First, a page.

Encyclopaedias are already ordered, and the most efficient way to compress them may well be to simply preserve the ordering and use an autoregressive model to predict one token at a time. But in general we do not know how the data should be ordered for efficient compression. It would be possible to find such an ordering by minimising a similarity metric defined directly on the data, such as Euclidean distance in pixel space or edit distance for text; however such metrics tend to be limited to superficial similarities (in the case of pixel distance we provide evidence of this in our experiments). We therefore turn to the similarity, or association (Bahdanau et al., 2014; Graves et al., 2014), among latent representations to guide the ordering. Transmitting associated codes consecutively will only be efficient if we have a prior that captures the local statistics of the area they inhabit, and not the global statistics of the entire dataset: if a series of pictures of sheep has just been sent, the prior should expect another sheep to come next. We achieve this by using a neural network to condition the prior on a code chosen from the nearest neighbours in latent space to the code being transmitted. Previous work has considered fitting mixture models as VAE priors (Nalisnick et al., ; Tomczak & Welling, 2017), and one could think of our procedure as fitting a conditional prior to a uniform mixture over the posterior codes closest to whichever code we are about to transmit. As , the size of the training set, we recover the familiar setting of fitting an unconditional prior. Among supervised methods, perhaps the closest point of reference is Matching Networks (Vinyals et al., 2016) in which a nearest neighbours search over embeddings is leveraged for one-shot learning.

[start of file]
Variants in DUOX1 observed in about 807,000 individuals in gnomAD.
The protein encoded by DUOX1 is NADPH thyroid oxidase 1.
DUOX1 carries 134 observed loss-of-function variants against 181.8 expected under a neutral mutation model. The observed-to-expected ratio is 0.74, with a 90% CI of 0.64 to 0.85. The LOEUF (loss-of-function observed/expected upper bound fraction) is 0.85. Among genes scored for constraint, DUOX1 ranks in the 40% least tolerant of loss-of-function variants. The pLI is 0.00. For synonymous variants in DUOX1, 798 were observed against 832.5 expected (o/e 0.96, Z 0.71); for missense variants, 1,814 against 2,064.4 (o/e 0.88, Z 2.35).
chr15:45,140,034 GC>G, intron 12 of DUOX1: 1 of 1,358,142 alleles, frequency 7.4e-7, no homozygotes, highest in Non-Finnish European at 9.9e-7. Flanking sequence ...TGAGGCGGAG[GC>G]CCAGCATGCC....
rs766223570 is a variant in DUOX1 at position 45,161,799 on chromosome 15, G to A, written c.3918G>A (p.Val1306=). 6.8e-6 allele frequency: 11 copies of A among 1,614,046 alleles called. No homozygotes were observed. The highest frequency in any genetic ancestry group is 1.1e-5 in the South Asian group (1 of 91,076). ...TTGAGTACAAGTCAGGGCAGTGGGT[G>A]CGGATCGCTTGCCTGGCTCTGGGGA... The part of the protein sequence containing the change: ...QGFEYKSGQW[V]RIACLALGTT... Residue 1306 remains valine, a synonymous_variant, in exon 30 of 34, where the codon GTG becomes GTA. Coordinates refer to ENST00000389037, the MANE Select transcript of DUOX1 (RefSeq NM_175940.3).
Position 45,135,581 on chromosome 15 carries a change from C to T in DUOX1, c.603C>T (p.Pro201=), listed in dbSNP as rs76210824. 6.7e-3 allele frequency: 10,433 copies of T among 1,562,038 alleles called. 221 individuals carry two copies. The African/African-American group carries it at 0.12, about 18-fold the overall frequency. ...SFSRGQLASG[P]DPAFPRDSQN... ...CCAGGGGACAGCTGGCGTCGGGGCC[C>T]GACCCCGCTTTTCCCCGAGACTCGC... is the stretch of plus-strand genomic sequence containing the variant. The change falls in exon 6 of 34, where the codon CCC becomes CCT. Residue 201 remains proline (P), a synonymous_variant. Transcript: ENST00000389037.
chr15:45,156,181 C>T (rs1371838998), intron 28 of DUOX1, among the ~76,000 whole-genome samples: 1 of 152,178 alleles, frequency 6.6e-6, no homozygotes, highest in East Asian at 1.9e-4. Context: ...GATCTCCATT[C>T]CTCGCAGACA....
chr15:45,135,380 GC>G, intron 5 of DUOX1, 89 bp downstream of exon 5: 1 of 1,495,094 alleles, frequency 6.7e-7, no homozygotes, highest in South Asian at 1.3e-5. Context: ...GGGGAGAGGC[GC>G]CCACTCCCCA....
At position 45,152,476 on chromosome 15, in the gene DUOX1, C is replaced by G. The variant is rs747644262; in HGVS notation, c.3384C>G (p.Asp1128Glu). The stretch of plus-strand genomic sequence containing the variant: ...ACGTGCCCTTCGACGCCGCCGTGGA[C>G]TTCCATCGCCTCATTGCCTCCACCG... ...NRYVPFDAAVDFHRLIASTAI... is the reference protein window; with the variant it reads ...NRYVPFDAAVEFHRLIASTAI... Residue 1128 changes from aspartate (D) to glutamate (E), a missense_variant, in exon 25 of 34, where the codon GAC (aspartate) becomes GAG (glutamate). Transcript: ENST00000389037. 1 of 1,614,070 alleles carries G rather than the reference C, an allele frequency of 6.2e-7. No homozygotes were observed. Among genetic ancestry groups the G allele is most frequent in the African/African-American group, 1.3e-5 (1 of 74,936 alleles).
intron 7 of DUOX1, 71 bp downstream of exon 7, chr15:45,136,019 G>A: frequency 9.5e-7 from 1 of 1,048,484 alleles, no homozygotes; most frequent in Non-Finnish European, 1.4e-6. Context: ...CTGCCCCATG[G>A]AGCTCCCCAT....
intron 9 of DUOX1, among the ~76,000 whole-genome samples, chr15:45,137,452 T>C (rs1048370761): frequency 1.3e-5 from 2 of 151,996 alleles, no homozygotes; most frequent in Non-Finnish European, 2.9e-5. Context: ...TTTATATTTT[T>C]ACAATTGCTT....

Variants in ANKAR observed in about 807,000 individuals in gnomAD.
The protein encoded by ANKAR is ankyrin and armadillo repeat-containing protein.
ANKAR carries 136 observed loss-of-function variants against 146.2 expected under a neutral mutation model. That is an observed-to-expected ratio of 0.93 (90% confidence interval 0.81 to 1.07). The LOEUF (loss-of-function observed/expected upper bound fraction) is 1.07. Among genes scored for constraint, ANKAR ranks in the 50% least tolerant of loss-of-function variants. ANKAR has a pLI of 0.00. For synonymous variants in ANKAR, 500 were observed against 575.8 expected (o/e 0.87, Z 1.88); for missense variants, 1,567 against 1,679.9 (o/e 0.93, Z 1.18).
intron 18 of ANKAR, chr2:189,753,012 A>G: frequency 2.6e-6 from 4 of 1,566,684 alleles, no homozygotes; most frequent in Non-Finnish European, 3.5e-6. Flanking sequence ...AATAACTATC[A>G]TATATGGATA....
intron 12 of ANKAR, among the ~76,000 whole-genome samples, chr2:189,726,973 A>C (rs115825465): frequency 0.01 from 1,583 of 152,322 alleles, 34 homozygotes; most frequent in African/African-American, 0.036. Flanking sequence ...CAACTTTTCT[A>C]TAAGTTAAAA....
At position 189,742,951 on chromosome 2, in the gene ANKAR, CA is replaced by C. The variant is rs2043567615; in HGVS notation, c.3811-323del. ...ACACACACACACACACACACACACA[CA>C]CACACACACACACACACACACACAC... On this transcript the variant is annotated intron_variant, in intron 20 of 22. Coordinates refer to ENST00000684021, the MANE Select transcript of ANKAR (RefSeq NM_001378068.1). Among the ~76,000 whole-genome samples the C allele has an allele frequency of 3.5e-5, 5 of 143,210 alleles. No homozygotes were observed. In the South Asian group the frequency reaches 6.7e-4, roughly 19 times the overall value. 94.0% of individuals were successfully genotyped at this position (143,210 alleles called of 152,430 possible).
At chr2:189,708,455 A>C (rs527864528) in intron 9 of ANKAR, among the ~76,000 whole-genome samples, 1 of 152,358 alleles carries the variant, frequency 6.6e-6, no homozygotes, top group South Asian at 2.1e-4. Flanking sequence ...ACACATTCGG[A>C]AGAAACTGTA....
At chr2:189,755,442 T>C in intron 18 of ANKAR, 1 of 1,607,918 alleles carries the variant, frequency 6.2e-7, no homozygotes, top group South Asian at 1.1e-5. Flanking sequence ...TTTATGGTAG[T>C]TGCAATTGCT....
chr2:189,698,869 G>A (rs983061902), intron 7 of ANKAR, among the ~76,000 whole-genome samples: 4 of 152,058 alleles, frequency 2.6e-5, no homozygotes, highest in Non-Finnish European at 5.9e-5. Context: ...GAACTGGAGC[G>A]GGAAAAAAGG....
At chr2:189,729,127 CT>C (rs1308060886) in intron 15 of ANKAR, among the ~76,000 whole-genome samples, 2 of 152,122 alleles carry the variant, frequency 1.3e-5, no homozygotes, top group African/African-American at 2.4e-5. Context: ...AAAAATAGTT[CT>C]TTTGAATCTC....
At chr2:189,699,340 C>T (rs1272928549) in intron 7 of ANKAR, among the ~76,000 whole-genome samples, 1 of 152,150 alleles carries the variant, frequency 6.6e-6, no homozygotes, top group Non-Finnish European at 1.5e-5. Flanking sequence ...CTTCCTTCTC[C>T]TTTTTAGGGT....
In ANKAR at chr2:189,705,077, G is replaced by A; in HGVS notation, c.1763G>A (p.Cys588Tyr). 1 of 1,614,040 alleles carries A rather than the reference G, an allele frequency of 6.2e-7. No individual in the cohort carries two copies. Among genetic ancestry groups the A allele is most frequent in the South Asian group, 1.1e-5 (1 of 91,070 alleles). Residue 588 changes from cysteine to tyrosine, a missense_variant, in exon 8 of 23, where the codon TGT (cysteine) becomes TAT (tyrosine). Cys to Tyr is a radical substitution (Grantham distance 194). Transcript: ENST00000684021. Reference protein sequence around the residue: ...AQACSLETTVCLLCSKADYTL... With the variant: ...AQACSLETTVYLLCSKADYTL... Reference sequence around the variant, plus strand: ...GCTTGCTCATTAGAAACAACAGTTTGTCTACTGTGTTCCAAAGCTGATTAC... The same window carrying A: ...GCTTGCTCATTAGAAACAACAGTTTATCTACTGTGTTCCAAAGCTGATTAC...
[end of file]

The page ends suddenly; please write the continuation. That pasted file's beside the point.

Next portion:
Conditioning on neighbouring codes does not obviously lead to a compression procedure. However we can define the following sequential compression algorithm if we insist that the neighbour for each code in the training set is unique:

  • Alice and Bob share the weights of the encoder, decoder and prior networks222In normal VAEs the encoder does not need to be shared.

  • Alice chooses an ordering for the training set, then transmits one element at a time by sending first a sample from the encoding distribution, then the residual bits required for lossless decoding.

  • After decoding each data sample, Bob re-encodes the data using his copy of the encoder network, then passes the statistics of the encoding distribution into the prior network as input. The resulting prior distribution is used to transmit the next code sample drawn by Alice at a cost equal to the KL between their distributions333The prior for the first example may be assumed to be shared at negligible cost for a large dataset.

The optimal ordering Alice should choose is the one that minimises the sum of the KLs at each transmission step. Finding this ordering is a hard optimisation problem in general, but our empirical results suggest that the KL cost of the optimal ordering is well approximated by nearest neighbour sampling, given a suitable value of .